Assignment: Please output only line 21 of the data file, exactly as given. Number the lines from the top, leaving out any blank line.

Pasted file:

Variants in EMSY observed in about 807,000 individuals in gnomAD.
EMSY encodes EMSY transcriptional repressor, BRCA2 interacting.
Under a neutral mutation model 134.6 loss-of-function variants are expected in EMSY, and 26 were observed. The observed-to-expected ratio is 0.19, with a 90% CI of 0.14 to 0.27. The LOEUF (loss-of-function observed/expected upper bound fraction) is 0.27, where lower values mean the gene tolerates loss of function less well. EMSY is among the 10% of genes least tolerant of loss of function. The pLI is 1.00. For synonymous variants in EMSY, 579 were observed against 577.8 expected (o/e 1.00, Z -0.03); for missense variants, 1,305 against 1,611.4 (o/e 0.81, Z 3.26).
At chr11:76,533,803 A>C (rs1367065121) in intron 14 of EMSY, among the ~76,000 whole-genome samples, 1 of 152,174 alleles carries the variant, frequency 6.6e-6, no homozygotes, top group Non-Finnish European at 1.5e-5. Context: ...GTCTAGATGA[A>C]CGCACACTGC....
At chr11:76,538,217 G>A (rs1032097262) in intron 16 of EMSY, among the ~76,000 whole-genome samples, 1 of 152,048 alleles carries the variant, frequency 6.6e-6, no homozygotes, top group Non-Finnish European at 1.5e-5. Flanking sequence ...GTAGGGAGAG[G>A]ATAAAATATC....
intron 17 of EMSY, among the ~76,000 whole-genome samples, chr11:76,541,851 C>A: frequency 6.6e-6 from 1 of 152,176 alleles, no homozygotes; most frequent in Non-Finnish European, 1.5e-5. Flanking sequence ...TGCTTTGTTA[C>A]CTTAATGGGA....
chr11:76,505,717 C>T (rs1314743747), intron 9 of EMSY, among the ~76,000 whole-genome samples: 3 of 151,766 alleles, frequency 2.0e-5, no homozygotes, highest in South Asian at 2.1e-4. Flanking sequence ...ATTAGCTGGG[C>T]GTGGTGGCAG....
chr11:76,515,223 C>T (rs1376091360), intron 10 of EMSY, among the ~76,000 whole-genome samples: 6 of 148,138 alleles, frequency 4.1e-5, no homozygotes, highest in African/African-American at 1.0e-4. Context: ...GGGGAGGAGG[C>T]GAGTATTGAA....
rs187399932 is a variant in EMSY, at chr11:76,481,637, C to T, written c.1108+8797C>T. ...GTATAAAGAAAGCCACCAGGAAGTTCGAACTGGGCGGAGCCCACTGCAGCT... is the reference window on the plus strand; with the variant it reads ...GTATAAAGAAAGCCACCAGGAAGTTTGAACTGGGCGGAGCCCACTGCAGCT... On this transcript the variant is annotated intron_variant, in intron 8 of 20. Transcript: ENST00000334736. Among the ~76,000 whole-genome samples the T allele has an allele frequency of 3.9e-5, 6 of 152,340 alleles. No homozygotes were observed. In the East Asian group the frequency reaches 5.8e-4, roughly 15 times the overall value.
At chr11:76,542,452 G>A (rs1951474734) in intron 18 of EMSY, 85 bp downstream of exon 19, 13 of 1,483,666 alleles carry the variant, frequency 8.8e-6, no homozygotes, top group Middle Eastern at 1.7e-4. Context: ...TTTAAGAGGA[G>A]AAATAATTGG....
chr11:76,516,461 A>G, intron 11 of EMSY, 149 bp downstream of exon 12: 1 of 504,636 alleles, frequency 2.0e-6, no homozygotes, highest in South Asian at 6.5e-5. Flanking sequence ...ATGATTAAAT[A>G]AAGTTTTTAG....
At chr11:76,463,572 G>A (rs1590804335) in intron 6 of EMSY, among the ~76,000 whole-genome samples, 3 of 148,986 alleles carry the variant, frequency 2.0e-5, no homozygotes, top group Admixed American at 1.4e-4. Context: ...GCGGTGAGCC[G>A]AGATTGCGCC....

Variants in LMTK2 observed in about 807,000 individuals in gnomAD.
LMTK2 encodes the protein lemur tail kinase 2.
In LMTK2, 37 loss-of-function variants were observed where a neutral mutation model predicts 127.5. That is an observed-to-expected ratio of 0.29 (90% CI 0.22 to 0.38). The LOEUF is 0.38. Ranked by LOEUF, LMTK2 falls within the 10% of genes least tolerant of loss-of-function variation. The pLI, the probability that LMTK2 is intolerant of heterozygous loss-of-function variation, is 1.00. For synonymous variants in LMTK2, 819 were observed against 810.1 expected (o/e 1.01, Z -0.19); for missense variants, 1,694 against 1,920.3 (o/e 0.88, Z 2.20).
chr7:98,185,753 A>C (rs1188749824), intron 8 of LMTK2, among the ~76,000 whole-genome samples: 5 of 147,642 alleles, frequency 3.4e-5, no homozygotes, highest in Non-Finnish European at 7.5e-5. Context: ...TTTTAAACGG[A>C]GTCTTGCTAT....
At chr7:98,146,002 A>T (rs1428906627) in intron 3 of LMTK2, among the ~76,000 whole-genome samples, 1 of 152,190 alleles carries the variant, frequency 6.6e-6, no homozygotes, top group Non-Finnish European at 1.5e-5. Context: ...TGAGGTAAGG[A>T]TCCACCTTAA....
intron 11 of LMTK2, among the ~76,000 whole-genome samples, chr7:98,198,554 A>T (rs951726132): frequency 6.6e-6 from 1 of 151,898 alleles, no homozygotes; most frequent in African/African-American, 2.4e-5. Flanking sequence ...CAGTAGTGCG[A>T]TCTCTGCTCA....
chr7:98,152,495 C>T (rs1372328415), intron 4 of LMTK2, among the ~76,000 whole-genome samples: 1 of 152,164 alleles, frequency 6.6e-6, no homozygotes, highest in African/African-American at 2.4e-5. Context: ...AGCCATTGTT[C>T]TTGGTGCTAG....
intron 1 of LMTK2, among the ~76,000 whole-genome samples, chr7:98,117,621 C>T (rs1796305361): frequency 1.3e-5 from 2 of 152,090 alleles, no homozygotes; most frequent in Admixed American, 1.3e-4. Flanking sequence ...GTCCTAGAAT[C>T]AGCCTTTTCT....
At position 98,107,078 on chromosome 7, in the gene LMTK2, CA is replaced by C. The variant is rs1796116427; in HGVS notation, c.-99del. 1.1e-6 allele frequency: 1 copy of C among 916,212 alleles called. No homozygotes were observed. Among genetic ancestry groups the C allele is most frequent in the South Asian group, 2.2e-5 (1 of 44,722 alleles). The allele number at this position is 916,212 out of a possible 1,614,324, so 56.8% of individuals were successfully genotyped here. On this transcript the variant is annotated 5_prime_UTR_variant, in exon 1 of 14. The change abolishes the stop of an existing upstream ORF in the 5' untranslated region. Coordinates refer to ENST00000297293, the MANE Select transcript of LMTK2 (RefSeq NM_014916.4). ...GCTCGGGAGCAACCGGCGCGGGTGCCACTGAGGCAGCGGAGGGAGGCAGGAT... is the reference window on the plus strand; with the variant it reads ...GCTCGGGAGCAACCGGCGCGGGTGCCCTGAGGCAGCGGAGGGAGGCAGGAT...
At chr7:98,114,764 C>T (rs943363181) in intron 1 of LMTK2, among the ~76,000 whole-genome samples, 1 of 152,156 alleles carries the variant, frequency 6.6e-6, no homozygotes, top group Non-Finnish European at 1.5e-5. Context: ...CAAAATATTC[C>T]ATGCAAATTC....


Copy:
At position 98,107,078 on chromosome 7, in the gene LMTK2, CA is replaced by C. The variant is rs1796116427; in HGVS notation, c.-99del. 1.1e-6 allele frequency: 1 copy of C among 916,212 alleles called. No homozygotes were observed. Among genetic ancestry groups the C allele is most frequent in the South Asian group, 2.2e-5 (1 of 44,722 alleles). The allele number at this position is 916,212 out of a possible 1,614,324, so 56.8% of individuals were successfully genotyped here. On this transcript the variant is annotated 5_prime_UTR_variant, in exon 1 of 14. The change abolishes the stop of an existing upstream ORF in the 5' untranslated region. Coordinates refer to ENST00000297293, the MANE Select transcript of LMTK2 (RefSeq NM_014916.4). ...GCTCGGGAGCAACCGGCGCGGGTGCCACTGAGGCAGCGGAGGGAGGCAGGAT... is the reference window on the plus strand; with the variant it reads ...GCTCGGGAGCAACCGGCGCGGGTGCCCTGAGGCAGCGGAGGGAGGCAGGAT...